The emotional pain is unimaginable.

What to Do

There are a multitude of tasks that you, your partner, or your family members are now faced with completing.


An autopsy is always offered. There are different levels of pathological investigation that can be done: from just an outside examination to a full-fledged autopsy. This again depends on your wishes. It is important to be aware that the results of this testing can take up to 10 weeks post delivery depending on the depth of the testing. You can usually get initial results within the first 2-3 weeks. It is very important that you find out from whom to get the results. Usually it’s from the neonatalogist but if you deliver at a hospital where your physician does not practice, or your baby was transferred to a different hospital you may need to request your results from the physician who took care of the baby.

Burial/Cremation Options

Making arrangements for burial is the most daunting task that must be handled.

  1. Should you decide to bury your baby you will need to make your arrangements through a funeral home. There are many cemeteries that have sections set aside for babies. These sections have uniform markers that you can personalize with your baby’s name and birth/death date. You may also choose not to have a marker and still bury in the baby section.
  2. Another burial option is to purchase a private plot where you can then put your own marker or stone. Funeral directors will be your most helpful resource for this information. Expenses for a burial can be kept to a minimum if you choose to do what’s called a direct burial – this means that the funeral home will pick up the baby’s body from the hospital and transfer it directly to the cemetery where you can have a grave-side service. In general funeral homes will usually greatly reduce their costs when it comes to burying babies.
  3. It will not be unusual to have many people attend the funeral. Once people hear what has happened, they feel that attending the service/burial is a concrete way for them to show support. On the other hand, you may to decide that you want to keep this a private event for close family and friends.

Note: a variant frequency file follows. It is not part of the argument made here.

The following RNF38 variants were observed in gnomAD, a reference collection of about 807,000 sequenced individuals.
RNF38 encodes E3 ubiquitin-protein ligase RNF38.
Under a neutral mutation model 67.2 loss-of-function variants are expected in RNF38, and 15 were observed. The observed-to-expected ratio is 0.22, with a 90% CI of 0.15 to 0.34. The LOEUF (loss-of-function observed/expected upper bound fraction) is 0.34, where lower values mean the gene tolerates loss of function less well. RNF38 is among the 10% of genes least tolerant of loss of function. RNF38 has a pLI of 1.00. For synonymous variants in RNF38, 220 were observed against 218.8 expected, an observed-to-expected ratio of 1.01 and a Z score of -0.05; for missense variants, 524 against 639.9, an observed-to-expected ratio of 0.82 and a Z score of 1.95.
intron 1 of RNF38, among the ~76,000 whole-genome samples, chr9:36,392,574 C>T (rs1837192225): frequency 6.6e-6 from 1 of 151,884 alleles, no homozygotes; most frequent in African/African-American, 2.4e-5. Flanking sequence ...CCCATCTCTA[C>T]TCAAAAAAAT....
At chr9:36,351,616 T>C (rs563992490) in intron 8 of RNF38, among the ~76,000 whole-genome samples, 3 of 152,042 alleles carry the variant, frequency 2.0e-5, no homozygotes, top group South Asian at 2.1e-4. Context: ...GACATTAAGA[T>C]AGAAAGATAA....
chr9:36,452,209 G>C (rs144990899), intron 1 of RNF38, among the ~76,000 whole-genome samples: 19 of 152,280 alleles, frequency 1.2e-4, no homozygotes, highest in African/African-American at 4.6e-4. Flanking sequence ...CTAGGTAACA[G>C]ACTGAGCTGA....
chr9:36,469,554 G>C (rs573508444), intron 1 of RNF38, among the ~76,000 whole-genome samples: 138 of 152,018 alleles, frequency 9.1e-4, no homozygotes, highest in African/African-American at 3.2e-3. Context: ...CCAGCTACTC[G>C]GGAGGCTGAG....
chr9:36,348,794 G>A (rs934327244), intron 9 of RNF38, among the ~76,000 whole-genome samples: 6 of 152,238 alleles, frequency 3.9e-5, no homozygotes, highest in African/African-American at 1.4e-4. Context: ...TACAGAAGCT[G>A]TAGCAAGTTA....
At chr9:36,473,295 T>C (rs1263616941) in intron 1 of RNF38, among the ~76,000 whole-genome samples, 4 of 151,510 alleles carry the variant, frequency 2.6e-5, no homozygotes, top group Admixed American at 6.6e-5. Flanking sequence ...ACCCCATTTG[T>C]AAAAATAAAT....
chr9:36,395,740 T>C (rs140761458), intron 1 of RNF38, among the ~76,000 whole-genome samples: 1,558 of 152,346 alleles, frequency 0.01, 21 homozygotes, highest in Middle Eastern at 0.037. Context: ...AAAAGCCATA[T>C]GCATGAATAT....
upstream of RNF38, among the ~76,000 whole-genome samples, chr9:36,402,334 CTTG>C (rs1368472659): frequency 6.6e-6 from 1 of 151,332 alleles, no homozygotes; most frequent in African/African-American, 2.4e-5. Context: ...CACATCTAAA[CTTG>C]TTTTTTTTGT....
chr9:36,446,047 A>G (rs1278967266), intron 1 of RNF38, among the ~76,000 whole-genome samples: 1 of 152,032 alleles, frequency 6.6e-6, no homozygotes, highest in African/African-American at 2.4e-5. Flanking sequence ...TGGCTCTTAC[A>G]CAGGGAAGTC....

4. Some families choose to have a wake. Since the baby was alive this is a decision that you may be faced with depending on your religious practices. Jewish families wonder if they sit shiva. According to Orthodox Jewish law shiva is sat when a baby is alive for 30 days or more. Some families consult their rabbi and decide to do a type of shiva that can be called something else. It is an important time to get as much support as you can and need.
  5. If you have chosen to cremate, you can have the ashes in an urn, or you can decide to disperse the ashes in a favorite location. Some may choose to bury the ashes in your personal garden.

Memorial Options

  1. You may choose to remember your baby in different ways: If you have buried your baby you can have a small stone placed at the grave or other memorial piece.
  2. You may decide to do a memorial service for your baby. You can find appropriate poetry, musical selections, prayer material, etc. at your local library or on the Internet. If you do this at the funeral home there may be an additional fee involved.  Some families decide to have a service at a funeral home first before going to the cemetery. For cremation you can decide to have a small service at the crematory prior to the cremation.
  3. Some people decide to plant a tree in their baby’s memory. This can be done at your home, in your yard, or at a special location that is meaningful to you and your family. Along a similar line, you may want to plant a garden in your baby’s memory.
  4. Other memorial ideas include having a ceremony where you send a balloon (or bouquet of balloons – please make sure they are environmentally friendly!) up in your baby’s memory. You may want to include a letter to your baby, cremation ashes, or drawings from the baby’s siblings inside the balloon.

Physical Needs

As at other times of loss this is a time to allow people to take care of your needs, your food, your laundry, your contact with the outside world. Some people send out an announcement about the loss in order to inform all those you would have told about a live birth.

As discussed in the section on second and third trimester losses, the woman will be lactating as the body prepares for nursing the newborn. This is an extraordinarily painful physical reminder of what you are going through. Cold compresses and raw cabbage leaves will help alleviate the pain and reduce the flow of breast milk.